19 Dec 2011

Top AdSense Tips

Recently, I followed an interesting Discussion Thread on WebmasterWorld.

Although, there was nothing new pointed out, but it reminds and reinforces the known tips.

The summarized view of the contributors is as below (sharing for the benefit of all):
  • Track each individual Ad Unit with a separate channel. 
  • Build your sites for your users not for AdSense. 
  • Make use of Link Units. Adlinks perform really well BELOW the content; they give your readers ‘something’ to do after reading. 
  • Use image & text Ads wherever possible. On switching from all text ads to mostly image/text ads you initially may see a drop off in revenue. Higher epc but lower ctr for overall less money. But stick with it, that the more advertisers competing for the space, the higher the price would go. It would take a couple of weeks, but the image ads would start targeting better, and so the ctr would rise ultimately. Combined with the higher epc, revenue would increase with even no increase in traffic. So it works, but it can be hard to watch earnings drop before they increase. 
  • Use large and medium rectangles wherever possible. 
  • Integrate your rectangles inside your content wherever possible. 
  • Blend your Ads to your website design, this will in most cases increase your CTR. 
  • Don’t trick your visitors into clicking Ads. Only clicks that are willingly done will convert. 
  • Run lots of split tests to see what works best for your website. what worked good once does not have to work 6 month from now, never stop testing. But that doesn’t mean to make changes on a random or wholesale basis. When things are going well, look for the weakest point and make a change there on a limited number of spots to start with. 
  • Don’t always try to micromanage everything. Trust Google in their decisions (mostly), they have a much larger set of data to know what works best on average. 
  • Accept that you can’t fully understand every fluctuation. There are so many variables involved in AdSense. 
  • Don’t ever think that you as a publisher are valuable for Google. The only one valuable is the AdWords customer. If Google thinks you are a risk to advertisers, you are gone, despite the amount you make as a publisher. 
  • Always remember that the money you receive as publisher is not from Google but from us Advertisers that spend money on AdWords. If you cheat you don’t cheat Google, you cheat advertisers ! 
  • Stick to the recommended ad sizes. 
  • Make your site mobile friendly. If you don’t have mobile ads showing, that means you are losing ad impressions and earnings. Look at your traffic stats for visits from Mobile Sources. Its increasing faster than you might be thinking. 
  • Always think about user intent. Why are people coming to your site in the first place, and why should they click on ads when they’re there? 
  • Less is more. The less units you have, the more advertisers are forced to bid if they want to appear on it. 

In case anyone has more to add on this list, please contribute.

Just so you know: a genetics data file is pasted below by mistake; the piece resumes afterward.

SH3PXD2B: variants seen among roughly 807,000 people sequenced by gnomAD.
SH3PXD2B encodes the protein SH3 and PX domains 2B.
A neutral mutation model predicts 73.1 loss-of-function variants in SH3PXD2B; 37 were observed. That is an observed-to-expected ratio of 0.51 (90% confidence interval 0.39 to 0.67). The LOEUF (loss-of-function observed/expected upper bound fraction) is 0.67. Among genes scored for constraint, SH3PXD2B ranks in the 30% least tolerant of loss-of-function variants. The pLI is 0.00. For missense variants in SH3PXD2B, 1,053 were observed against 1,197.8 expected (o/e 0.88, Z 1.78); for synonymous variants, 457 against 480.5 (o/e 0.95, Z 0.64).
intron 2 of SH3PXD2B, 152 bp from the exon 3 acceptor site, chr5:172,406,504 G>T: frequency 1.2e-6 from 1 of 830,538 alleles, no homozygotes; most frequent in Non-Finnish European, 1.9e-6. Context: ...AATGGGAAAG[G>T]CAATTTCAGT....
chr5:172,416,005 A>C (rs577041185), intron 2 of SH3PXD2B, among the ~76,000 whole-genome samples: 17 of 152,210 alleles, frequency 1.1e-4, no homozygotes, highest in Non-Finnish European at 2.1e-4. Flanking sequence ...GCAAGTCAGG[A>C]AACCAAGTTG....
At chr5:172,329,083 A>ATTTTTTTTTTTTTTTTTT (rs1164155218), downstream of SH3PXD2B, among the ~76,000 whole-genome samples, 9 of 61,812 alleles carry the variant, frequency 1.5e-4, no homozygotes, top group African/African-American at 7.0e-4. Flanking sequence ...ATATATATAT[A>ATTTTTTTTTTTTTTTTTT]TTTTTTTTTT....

10 Dec 2011

Web Analytics Bounce-Rate and Exit-Rate

Let’s discuss Bounce Rate v/s Exit Rate

Bounce-Rate and Exit-Rate has mystified me for some time, I clarified it for myself and thought to share with everyone.

Out of all the metrics Exit Rate and Bounce Rate are often confused with each other whereas the two are discrete and therefore, should never be mixed. Although, both of them are used to gauge efficiency of a web page, yet they are different.


  • BOUNCE Rate is the percentage of visits that land your website on a given page and don’t visit any other pages on your site. 

  • EXIT Rate is the percentage of visitors that leave your site from a given page based on the number of visits to that page (or simply PageViews). 
Bounce-Rate for individual URLs are calculated as —> Bounces / Entrances * 100

The Site-Wide Overall Bounce-Rate is calculated as —> Sum-Total-of-Bounces / Sum-Total-of-Entrances * 100

For Example for a 9-URL Website, the Bounce-Rate is calculated as:

Bounce Rate of all your web pages combined gives a “site-wide average bounce rate” which indicates the overall efficiency of your website (all webpages collectively).

Exit-Rate for individual URLs are calculated as —> Exits-on-the-Page / Total-PageViews-of-the-Page * 100

The Site-Wide Overall Bounce-Rate is calculated as —> Sum-Total-of-Exits / Sum-Total-of-PageViews-of-Exit-Pages * 100

For Example for a 9-URL Website, the Exit-Rate is calculated as:

Now, about a Fallacy in GA Report.

Google Analytics actually shows a “site wide average” of Exit Rate if you go to Top Content report, which is a blunder.

How can a site have an average exit rate?

Also, note that any site would have same number of Visits and Exits. Agree or not?

Exit Rate cannot be averaged on a site-wide scale; it can only be summed up to 100% because all your visitors will exit your site. :)

Google Analytics compares the number of exits from a page with the number of visits on that page to determine the Exit Rate of that page, which is fine but they don’t need to give a site average for this metric.

Web-Analytics Guru, Avinash Kaushik too suggests “As a general matter of habit we should consider avoiding the aggregated top exit pages reports so easily available in our standard web analytics tools”.

My Recommendations:

Look at your Top-Bouncing Pages (on the basis of Weighted Average or Estimated True Value).

Then try to look for the Keywords through which traffic is landing on those pages and work from that insight.

Exit-Pages show “leakage” of your website: where do people exit from once they start their session. It should illustrate pages that you should “fix” to prevent “leakage”.

But, it’s very subjective, depending on navigation paths of your site. Get an insight from the Exit-Pages with subjectivity in mind and then work from there.